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Every skin tone contains three basic colours – blue, red, and yellow – in different ratios depending on how light or dark the skin is, whether it’s in the shadow or out in the light, and also depending on the body part. For instance, thin skin, like that on your temples, tends to carry cooler shades while the tip of the nose is usually darker. The first thing to keep in mind is that there is no magic recipe to create the perfect, universal skin tone – you will have to learn to mix your own skin tones, and that’s where the colour ratios come into play.

Now that we’ve established how different skin tones are, our next piece of advice is to avoid those paint tubes with “universal skin tone”. You could use them as a base for mixing the shades you really need for your portrait, but since these pre-mixed skin tones are just a basic mix of blue, yellow, and red, there is no reason why you can’t do that yourself.

A simple mixing method

Start by mixing the same amount of each basic colour together – this will result in a brownish colour, a base that you will lighten and darken, make it warmer or cooler.

Note: if you get more of a greenish colour, simply add more red to balance it out since some paints and colours can be more dominant than others.

In portrait painting, just like in landscapes, your best bet is to try to capture the colour you see as closely as possible. Take a good look at the colour on your model picture or your live model’s body and try to create the same shade on your palette, comparing it to your model as you go to fine-tune and perfect it. Think of these questions as you work towards that perfect shade.

  1. Do I need a lighter or a darker shade? If the answer is lighter, add yellow or white. The white will also make the shade cooler and more coating, while the yellow will add warm undertones. Use dark ochres, rusty shades (like burnt umber) or chromatic blacks (like burnt sienna combined with ultramarine blue) to make your mix darker.
  2. Do I need a cooler or a warmer shade? Add blue (or white to simultaneously lighten the mix) to make your shade cooler. Use yellow or warm red to add warmth to your skin tone mix.
  3. Do I need to make my skin tone more or less saturated? Use the opposite colour to balance things out.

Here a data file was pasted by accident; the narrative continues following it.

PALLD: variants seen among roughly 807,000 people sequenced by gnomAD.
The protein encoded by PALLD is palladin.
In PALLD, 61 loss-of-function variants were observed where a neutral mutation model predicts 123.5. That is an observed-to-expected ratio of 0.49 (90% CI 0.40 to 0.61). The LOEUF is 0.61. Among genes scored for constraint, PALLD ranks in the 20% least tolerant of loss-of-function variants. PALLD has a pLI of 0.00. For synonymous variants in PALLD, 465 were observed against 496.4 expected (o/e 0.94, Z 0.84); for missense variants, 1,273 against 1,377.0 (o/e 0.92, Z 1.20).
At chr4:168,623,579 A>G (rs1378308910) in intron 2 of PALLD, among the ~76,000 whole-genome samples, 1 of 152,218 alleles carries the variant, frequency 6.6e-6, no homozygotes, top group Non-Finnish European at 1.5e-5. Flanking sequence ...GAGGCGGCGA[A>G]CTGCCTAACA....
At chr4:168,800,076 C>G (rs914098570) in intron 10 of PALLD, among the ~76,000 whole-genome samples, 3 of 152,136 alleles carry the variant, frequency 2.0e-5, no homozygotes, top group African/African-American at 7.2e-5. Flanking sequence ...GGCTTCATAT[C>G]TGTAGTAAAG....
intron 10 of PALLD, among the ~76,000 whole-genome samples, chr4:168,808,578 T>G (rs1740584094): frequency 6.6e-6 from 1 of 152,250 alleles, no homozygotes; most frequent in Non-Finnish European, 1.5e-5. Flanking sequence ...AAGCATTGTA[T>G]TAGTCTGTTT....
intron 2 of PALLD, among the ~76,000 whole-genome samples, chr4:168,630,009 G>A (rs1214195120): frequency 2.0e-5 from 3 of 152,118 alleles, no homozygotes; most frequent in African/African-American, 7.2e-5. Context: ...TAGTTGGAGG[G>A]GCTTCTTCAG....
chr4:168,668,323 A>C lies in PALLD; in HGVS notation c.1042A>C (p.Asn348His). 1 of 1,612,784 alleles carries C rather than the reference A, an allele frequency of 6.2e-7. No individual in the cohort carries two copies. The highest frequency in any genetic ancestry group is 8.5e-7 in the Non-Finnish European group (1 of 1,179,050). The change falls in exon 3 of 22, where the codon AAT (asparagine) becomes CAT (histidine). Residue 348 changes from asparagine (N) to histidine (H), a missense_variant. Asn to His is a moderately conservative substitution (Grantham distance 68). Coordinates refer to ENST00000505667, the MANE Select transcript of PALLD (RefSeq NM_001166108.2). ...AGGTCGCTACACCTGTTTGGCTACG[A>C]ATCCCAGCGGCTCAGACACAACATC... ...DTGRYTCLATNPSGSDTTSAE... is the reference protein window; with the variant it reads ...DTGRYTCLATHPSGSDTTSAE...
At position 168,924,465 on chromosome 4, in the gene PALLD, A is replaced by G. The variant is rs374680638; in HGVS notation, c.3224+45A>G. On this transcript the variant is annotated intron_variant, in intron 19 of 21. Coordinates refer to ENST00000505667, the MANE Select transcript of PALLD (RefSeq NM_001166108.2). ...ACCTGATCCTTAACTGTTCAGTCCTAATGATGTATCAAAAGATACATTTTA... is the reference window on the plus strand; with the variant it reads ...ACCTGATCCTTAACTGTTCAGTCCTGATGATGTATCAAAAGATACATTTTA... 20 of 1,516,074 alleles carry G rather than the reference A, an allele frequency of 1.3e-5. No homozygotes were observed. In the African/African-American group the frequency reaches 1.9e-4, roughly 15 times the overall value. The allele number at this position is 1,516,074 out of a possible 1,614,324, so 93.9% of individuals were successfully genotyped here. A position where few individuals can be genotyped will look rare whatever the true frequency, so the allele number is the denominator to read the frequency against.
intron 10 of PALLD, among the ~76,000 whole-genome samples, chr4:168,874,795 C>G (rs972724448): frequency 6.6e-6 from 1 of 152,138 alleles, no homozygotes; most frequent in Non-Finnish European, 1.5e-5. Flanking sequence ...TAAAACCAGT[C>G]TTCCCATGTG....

You can also use earthy colours like ochre, rust, or black shades, but keep in mind that even these can be created by mixing the three basic colours together. In the end, it’s up to you to decide what mix works best for you.

An example palette

Let’s take  a look at some colours that you can start with and then add, remove, or change colours on your palette to your liking.

  1. Titanium White
  2. Cadmium Red Light
  3. Cadmium Yellow Medium
  4. Ochre
  5. Burnt Sienna
  6. Burnt Umber
  7. Ultramarine Blue

For light skin tones, use a mix of 1, 2, 3, and 5.

For medium tones, use 2, 3, 4, and 5.

For dark skin tones, use 2, 5, 6, and 7.

Create a series of different shades for different colours that you use – for instance, keep adding more and more white to Cadmium Red, creating a variety of shades available to you. Do the same for your skin tone mixes to create a perfect dark-to-light palette to use for adding shadows and highlights to your portrait without having to mix a new shade from scratch every time.

A tip to get you started in skin tone mixology

Start by looking at your own skin and try to mix shades that match your hands. Take note of how different colours and shades look depending on different lighting and light sources. Next, try to mix a shade that matches your face, examining the colours and different shades you see in the mirror. Then, try to mix them from memory. Printing out pictures of people and trying to mix a shade to match their skin is also a great way to practice. Also, did you notice that not once did we use orange or pink  like we used to do as kids? 😊 

Want to learn more and become a real pro? Join us at our portrait drawing and painting course. We look forward to meeting you!


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